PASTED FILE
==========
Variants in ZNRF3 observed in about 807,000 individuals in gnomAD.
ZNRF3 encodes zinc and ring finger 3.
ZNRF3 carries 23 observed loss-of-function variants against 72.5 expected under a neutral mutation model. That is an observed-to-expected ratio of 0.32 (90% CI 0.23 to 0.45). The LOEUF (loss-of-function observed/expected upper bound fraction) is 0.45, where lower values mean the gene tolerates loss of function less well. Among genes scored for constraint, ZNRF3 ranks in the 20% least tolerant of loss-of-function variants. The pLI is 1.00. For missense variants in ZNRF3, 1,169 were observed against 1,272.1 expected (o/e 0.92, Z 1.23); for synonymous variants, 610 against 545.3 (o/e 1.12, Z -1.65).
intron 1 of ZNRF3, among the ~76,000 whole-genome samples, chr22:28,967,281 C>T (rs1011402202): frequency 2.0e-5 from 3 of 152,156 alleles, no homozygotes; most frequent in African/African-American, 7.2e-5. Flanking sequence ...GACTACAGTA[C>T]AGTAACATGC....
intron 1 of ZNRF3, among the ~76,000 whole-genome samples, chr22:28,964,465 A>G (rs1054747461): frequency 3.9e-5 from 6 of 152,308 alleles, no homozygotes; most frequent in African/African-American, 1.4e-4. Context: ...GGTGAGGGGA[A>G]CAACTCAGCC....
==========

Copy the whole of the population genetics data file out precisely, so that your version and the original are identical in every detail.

Variants in ZNRF3 observed in about 807,000 individuals in gnomAD.
ZNRF3 encodes zinc and ring finger 3.
ZNRF3 carries 23 observed loss-of-function variants against 72.5 expected under a neutral mutation model. That is an observed-to-expected ratio of 0.32 (90% CI 0.23 to 0.45). The LOEUF (loss-of-function observed/expected upper bound fraction) is 0.45, where lower values mean the gene tolerates loss of function less well. Among genes scored for constraint, ZNRF3 ranks in the 20% least tolerant of loss-of-function variants. The pLI is 1.00. For missense variants in ZNRF3, 1,169 were observed against 1,272.1 expected (o/e 0.92, Z 1.23); for synonymous variants, 610 against 545.3 (o/e 1.12, Z -1.65).
intron 1 of ZNRF3, among the ~76,000 whole-genome samples, chr22:28,967,281 C>T (rs1011402202): frequency 2.0e-5 from 3 of 152,156 alleles, no homozygotes; most frequent in African/African-American, 7.2e-5. Flanking sequence ...GACTACAGTA[C>T]AGTAACATGC....
intron 1 of ZNRF3, among the ~76,000 whole-genome samples, chr22:28,964,465 A>G (rs1054747461): frequency 3.9e-5 from 6 of 152,308 alleles, no homozygotes; most frequent in African/African-American, 1.4e-4. Context: ...GGTGAGGGGA[A>G]CAACTCAGCC....